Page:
Maughan 2016

Staying hydrated is important to us all. Following an intense workout or long run a high volume of water will have been lost through sweat. Keeping well hydrated has been shown in studies to help with brain function, recovering from injury, muscle growth, improving sleep and mental health.

What’s your go to drink to keep hydrated?

There was a study published in 2016 by Ron Maughan, investigated the beverage hydration index. Fluids that are consumed need to be retained. If you’re drinking a big glass of water but the peeing the same volume out, this is not effective hydration.

Maughan was looking at several different fluids, using water as the base to compare the other drinks from. Following the consumption of fluid, urine was measured over 2 hours and then compared with the volume consumed. There were some obvious results like coffee having a poor hydration index. Some surprising results with milk being one of the better fluids retained, results close to expensive electrolyte drinks. It is thought that the milk content slows down the absorption of water, which results in less fluid extracted by the kidneys.

Important to consider when trying to rehydrate. Other than just drinking water consider putting in some lemon or a small amount of sea salt (the potassium and sodium help slow down the water absorption). This was the first study of its kind. Hopefully there’ll be future studies about post exercise related hydration drinks.

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Original Abstract

BACKGROUND: The identification of beverages that promote longer-term fluid retention and maintenance of fluid balance is of real clinical and practical benefit in situations in which free access to fluids is limited or when frequent breaks for urination are not desirable. The postingestion diuretic response is likely to be influenced by several beverage characteristics, including the volume ingested, energy density, electrolyte content, and the presence of diuretic agents.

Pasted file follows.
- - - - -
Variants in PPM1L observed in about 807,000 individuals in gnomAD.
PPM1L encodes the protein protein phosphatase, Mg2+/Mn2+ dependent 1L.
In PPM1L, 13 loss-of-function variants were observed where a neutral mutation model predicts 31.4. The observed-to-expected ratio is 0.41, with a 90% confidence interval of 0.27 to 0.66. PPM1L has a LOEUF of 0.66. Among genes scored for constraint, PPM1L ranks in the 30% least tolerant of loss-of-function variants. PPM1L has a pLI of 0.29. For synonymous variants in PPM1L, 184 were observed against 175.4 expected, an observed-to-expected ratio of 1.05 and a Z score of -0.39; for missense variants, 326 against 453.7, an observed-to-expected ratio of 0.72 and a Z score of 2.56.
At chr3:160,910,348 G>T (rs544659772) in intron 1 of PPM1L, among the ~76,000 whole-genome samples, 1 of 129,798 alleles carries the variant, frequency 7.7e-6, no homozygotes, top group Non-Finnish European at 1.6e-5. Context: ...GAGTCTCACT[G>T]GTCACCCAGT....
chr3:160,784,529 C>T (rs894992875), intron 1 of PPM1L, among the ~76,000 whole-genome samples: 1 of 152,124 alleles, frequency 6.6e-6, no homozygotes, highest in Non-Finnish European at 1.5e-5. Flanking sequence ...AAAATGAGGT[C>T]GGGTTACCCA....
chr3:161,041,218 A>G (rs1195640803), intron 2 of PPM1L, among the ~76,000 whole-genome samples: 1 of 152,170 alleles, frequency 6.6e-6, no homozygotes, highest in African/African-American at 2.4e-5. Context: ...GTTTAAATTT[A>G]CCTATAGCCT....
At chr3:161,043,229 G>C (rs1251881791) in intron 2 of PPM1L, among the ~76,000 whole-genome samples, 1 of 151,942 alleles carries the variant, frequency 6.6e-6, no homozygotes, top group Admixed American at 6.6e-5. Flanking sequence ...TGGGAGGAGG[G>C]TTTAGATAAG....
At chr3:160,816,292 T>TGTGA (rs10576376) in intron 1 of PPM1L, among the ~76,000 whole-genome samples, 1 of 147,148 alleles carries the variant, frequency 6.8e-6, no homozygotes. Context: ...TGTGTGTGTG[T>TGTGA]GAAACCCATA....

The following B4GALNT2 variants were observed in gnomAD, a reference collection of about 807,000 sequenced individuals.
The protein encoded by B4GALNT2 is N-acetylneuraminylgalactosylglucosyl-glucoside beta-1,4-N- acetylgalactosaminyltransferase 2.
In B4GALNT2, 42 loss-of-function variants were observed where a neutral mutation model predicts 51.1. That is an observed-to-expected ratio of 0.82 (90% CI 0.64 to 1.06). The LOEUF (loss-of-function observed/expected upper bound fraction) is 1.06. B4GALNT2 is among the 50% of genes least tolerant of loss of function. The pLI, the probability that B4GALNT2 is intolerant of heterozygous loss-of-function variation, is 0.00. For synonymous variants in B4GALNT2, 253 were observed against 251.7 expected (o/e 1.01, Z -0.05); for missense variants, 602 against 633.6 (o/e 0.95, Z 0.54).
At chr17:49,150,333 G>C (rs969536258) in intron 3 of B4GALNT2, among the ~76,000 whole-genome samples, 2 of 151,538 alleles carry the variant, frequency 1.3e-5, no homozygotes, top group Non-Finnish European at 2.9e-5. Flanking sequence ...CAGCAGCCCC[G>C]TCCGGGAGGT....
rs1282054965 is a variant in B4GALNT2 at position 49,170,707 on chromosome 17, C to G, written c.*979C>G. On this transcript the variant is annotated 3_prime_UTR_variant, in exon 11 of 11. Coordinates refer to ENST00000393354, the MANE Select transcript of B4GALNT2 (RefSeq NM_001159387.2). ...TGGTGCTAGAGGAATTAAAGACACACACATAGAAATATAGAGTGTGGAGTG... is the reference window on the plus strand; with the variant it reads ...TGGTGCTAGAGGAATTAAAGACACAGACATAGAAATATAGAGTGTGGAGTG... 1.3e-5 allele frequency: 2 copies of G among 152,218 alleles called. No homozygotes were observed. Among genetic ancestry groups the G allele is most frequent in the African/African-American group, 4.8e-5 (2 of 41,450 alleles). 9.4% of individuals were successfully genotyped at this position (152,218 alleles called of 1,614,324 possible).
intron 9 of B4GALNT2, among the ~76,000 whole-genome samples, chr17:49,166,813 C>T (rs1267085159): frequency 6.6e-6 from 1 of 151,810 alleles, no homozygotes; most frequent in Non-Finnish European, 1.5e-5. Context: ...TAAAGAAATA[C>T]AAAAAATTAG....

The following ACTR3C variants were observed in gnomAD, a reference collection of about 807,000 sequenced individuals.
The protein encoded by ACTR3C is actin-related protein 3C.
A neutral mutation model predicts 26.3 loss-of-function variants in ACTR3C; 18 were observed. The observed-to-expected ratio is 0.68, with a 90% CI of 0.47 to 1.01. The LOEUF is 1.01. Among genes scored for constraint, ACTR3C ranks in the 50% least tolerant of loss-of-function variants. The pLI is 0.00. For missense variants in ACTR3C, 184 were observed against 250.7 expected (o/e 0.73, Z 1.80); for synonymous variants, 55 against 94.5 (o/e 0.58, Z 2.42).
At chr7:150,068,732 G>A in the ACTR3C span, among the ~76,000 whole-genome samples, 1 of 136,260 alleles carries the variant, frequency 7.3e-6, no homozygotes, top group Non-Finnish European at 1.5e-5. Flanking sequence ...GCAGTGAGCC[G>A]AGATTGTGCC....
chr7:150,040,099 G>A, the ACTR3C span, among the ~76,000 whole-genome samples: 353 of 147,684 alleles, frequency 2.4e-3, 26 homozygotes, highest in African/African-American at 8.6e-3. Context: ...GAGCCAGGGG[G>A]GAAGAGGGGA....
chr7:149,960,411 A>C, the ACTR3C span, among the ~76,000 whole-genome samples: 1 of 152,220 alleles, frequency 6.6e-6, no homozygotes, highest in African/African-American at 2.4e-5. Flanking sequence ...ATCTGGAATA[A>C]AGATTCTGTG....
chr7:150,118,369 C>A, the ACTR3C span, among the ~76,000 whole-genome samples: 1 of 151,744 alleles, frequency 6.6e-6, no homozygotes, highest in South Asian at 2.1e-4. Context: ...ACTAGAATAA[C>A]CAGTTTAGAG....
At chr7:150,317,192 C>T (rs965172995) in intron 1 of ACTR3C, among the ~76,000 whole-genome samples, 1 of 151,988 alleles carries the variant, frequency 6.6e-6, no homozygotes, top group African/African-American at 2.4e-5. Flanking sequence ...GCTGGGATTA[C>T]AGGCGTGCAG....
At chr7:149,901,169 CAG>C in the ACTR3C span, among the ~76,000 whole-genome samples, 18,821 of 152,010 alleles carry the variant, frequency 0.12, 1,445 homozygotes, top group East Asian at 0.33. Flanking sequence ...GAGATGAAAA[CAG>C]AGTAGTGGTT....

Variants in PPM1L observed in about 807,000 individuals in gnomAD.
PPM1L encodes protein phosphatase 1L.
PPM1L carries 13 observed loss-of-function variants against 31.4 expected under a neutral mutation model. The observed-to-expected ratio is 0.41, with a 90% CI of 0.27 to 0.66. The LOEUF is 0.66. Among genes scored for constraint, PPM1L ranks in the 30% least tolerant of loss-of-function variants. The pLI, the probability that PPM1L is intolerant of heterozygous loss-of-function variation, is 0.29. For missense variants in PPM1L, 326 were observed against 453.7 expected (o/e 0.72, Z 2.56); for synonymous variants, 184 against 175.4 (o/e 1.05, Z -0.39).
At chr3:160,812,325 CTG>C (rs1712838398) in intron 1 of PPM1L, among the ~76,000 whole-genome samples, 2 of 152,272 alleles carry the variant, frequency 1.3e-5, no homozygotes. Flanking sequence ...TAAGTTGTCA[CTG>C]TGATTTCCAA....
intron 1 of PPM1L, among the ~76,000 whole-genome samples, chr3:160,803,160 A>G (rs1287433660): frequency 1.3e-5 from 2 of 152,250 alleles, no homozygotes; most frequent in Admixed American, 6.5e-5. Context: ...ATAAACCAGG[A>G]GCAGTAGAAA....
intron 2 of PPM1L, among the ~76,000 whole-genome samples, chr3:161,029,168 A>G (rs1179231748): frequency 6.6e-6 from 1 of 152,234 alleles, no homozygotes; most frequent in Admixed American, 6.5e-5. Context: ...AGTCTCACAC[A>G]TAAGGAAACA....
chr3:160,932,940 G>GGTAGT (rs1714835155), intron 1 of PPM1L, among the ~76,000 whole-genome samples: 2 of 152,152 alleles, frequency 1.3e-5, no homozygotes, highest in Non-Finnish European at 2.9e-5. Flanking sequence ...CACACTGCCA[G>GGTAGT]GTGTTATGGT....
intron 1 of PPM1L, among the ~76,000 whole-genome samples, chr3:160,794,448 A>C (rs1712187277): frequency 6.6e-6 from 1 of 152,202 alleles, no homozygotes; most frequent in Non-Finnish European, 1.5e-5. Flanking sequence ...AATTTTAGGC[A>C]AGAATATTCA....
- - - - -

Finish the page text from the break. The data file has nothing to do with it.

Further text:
OBJECTIVE:This study investigated the effects of 13 different commonly consumed drinks on urine output and fluid balance when ingested in a euhydrated state, with a view to establishing a beverage hydration index (BHI), i.e., the volume of urine produced after drinking expressed relative to a standard treatment (still water) for each beverage.

DESIGN: Each subject (n = 72, euhydrated and fasted male subjects) ingested 1 L still water or 1 of 3 other commercially available beverages over a period of 30 min. Urine output was then collected for the subsequent 4 h. The BHI was corrected for the water content of drinks and was calculated as the amount of water retained at 2 h after ingestion relative to that observed after the ingestion of still water.

RESULTS: Total urine masses (mean ± SD) over 4 h were smaller than the still-water control (1337 ± 330 g) after an oral rehydration solution (ORS) (1038 ± 333 g, P < 0.001), full-fat milk (1052 ± 267 g, P < 0.001), and skimmed milk (1049 ± 334 g, P < 0.001). Cumulative urine output at 4 h after ingestion of cola, diet cola, hot tea, iced tea, coffee, lager, orange juice, sparkling water, and a sports drink were not different from the response to water ingestion. The mean BHI at 2 h was 1.54 ± 0.74 for the ORS, 1.50 ± 0.58 for full-fat milk, and 1.58 ± 0.60 for skimmed milk.

CONCLUSIONS: BHI may be a useful measure to identify the short-term hydration potential of different beverages when ingested in a euhydrated state.

Maughan et al, (2016) A randomized trial to assess the potential of different beverages to
affect hydration status: development of a beverage hydration index. Am J Clin Nutr

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